We will soon eclipse the horizon of 2014, introducing a new year and a multitude of well-intended Resolutions that will be forgotten or discarded like some old toy within a month or two.

This is one of those well-intended Resolutions and I hope it can avoid the bargain bin.

The truth is I’ve already started on it. It started a few weeks ago, and while it is a work in progress, I did not intend it as my New Year’s Resolution.  It is more of a focus, a necessity.

A radio program I was listening to caught my attention discussing the effects of social media and smartphone devices on our attention span and brain development. That branched into reading and listening to a professor from Stanford University, Dr. Clifford Nass, who unfortunately passed away this year. (you can read here, and here, and listen here)

His research is incredible, foretelling, and frightening. 

“Dr. Nass found that people who multitasked less frequently were actually better at it than those who did it frequently. He argued that heavy multitasking shortened attention spans and the ability to concentrate.”

Our devices consume us more than ever (guilty here!). Everything syncs together (Macbook, iPhone, etc.) and it borders on obsession.  We are so entranced by them we are “willing to walk into a pole” {credit to Nass for quote] to read that next e-mail — or worse.

Nass argues that our obsession with screens is affecting our ability to think.

“We see less complex ideas,” [Nass] said.

I am one of the worst offenders of this. You could take a snapshot of me on the computer and tell that much — cell phone nearby and 20 tabs open on the browser. And the crazy part is, I thought I was efficient at multitasking. After reading this, I remembered how I jumped from topic to topic, eventually landing on a completely different end of the spectrum from where I began. It was a myth.

We used to call each other to say “happy birthday” or “Merry Christmas.”  Now it arrives in a text.

Perhaps, the biggest reason for this urge to change these habits is my family. This is something I want to do for the benefit of my wife and my daughter. It all came to a head with the reading of this article on “How to Miss a Childhood.”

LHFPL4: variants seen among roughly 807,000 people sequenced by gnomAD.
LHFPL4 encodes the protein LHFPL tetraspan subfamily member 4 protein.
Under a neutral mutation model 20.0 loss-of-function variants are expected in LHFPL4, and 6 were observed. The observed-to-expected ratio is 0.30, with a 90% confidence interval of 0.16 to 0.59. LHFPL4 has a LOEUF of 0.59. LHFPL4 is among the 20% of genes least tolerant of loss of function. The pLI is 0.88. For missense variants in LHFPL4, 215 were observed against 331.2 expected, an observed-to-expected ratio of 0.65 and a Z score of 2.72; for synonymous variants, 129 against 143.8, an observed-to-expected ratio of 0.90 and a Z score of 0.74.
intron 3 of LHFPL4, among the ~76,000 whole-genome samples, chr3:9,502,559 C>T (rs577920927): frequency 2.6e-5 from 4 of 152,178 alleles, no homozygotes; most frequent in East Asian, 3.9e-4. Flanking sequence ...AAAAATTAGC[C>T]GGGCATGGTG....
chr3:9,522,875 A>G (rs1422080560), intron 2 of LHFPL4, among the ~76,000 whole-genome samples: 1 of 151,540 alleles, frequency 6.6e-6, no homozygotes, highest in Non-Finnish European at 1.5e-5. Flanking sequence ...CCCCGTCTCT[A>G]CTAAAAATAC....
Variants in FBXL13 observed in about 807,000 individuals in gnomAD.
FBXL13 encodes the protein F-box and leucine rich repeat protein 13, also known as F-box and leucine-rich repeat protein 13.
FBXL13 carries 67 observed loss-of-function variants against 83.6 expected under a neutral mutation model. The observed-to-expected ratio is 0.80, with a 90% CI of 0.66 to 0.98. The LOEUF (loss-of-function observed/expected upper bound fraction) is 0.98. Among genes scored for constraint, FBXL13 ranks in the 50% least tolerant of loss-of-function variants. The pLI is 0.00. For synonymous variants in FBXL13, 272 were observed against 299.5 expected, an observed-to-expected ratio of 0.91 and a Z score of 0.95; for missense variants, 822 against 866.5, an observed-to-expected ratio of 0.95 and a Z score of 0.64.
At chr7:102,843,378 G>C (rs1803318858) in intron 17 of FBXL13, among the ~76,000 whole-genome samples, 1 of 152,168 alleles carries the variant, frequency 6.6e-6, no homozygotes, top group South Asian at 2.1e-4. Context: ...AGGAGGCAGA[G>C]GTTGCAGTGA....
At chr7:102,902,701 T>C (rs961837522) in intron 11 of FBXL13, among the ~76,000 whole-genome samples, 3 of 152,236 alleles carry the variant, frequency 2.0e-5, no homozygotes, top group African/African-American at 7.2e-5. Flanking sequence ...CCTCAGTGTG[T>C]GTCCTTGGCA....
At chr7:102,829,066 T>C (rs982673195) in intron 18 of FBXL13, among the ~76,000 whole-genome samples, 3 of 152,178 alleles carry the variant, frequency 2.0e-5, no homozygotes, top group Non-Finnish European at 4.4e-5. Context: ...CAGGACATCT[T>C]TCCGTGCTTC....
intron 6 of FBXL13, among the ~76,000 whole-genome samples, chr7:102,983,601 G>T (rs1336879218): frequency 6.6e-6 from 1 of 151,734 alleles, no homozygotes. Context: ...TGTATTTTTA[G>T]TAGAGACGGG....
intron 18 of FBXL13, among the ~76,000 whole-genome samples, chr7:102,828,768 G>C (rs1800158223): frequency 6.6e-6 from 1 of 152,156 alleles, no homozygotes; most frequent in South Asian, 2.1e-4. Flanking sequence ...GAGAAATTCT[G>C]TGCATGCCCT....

Every time we pick a smartphone over the person we are communicating with, we are saying that text is more important than the person in front of us (often a loved one).

“I can recall a time when you were out with your children you were really with them. You engaged in a back and forth dialog even if they were pre-verbal. You said, ‘Look at the bus, see the doggie, etc.’ Now I see you on the phone, pushing your kids on the swings while distracted by your devices.” (credit to a daycare instructor in this article)

My daughter is four months old, but this has impacted interactions with her and my wife. Now, we both committed early on to not using our phones while we were out on dates, but as the “date nights” became less and less frequent — the more I found myself glued to a cell phone and making my wife repeat what she said. My fear is for my daughter to become obsessed with these dear screens by seeing me interact with them so frequently.

Over the last month, I decided not to pounce at the buzzing notification of my phone. It is a habit that is not easy to break. You have this feeling that if you don’t respond immediately, the other person will wonder where you’ve gone or get upset with you. You feel obligated to look at that message. I don’t know when the urge to immediately respond will fade away.

I decided to rely less on my phone. I don’t feel that technology is bad, but it is a tool that we should use as just that. There are a lot of great benefits to smartphones and apps, but I am glad not to have grown up in a world that was already obsessed with screens, and instead in one that was oblivious to smartphones and tablets. I am thankful for that.

I observed a family in a car next to us over the holidays. I didn’t gawk or stare. I just glanced. I noticed the woman had gone into CVS, while the husband stayed behind. He was glued to his phone the entire time. Then I saw two children sitting in the back of the car glued to what looked like tablets. This will be the image burned in my mind for 2014, and one that I will do my best to prevent happening in my own vehicle.

“The moral of this story here is really clear,” he said in a talk at Stanford this year. “We’ve got to make face-to-face time sacred, and we have to bring back the saying we used to hear all the time, and now never hear, ‘Look at me when I talk to you.’ ” — Dr. Clifford Nass

Dr. Nass has also helped pen some books if you are interested in reading more of his research. 

The Media Equation: How People Treat Computers, Television, and New Media Like Real People and Places
The Man Who Lied to His Laptop: What We Can Learn About Ourselves from Our Machines
Wired for Speech: How Voice Activates and Advances the Human-Computer Relationship

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